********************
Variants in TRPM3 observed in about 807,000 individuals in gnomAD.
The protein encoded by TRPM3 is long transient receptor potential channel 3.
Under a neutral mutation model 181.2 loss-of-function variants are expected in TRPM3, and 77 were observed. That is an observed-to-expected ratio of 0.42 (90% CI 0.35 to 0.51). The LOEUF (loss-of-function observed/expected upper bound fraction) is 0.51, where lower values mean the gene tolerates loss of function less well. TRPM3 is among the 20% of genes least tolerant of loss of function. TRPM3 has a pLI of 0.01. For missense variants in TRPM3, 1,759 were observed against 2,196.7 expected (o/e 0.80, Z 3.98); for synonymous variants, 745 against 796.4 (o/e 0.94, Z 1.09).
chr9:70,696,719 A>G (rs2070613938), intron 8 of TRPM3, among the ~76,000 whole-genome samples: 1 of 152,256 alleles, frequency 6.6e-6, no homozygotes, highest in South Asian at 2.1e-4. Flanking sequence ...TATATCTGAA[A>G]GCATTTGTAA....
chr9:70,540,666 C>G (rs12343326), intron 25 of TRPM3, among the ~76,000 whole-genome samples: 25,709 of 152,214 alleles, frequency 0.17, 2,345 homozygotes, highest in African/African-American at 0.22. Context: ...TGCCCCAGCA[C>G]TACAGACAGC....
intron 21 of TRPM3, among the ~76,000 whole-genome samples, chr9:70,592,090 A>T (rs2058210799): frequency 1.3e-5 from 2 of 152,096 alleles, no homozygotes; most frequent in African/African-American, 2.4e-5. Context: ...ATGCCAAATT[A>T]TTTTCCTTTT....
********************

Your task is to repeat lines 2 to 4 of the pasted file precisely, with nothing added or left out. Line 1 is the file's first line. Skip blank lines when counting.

The protein encoded by TRPM3 is long transient receptor potential channel 3.
Under a neutral mutation model 181.2 loss-of-function variants are expected in TRPM3, and 77 were observed. That is an observed-to-expected ratio of 0.42 (90% CI 0.35 to 0.51). The LOEUF (loss-of-function observed/expected upper bound fraction) is 0.51, where lower values mean the gene tolerates loss of function less well. TRPM3 is among the 20% of genes least tolerant of loss of function. TRPM3 has a pLI of 0.01. For missense variants in TRPM3, 1,759 were observed against 2,196.7 expected (o/e 0.80, Z 3.98); for synonymous variants, 745 against 796.4 (o/e 0.94, Z 1.09).
chr9:70,696,719 A>G (rs2070613938), intron 8 of TRPM3, among the ~76,000 whole-genome samples: 1 of 152,256 alleles, frequency 6.6e-6, no homozygotes, highest in South Asian at 2.1e-4. Flanking sequence ...TATATCTGAA[A>G]GCATTTGTAA....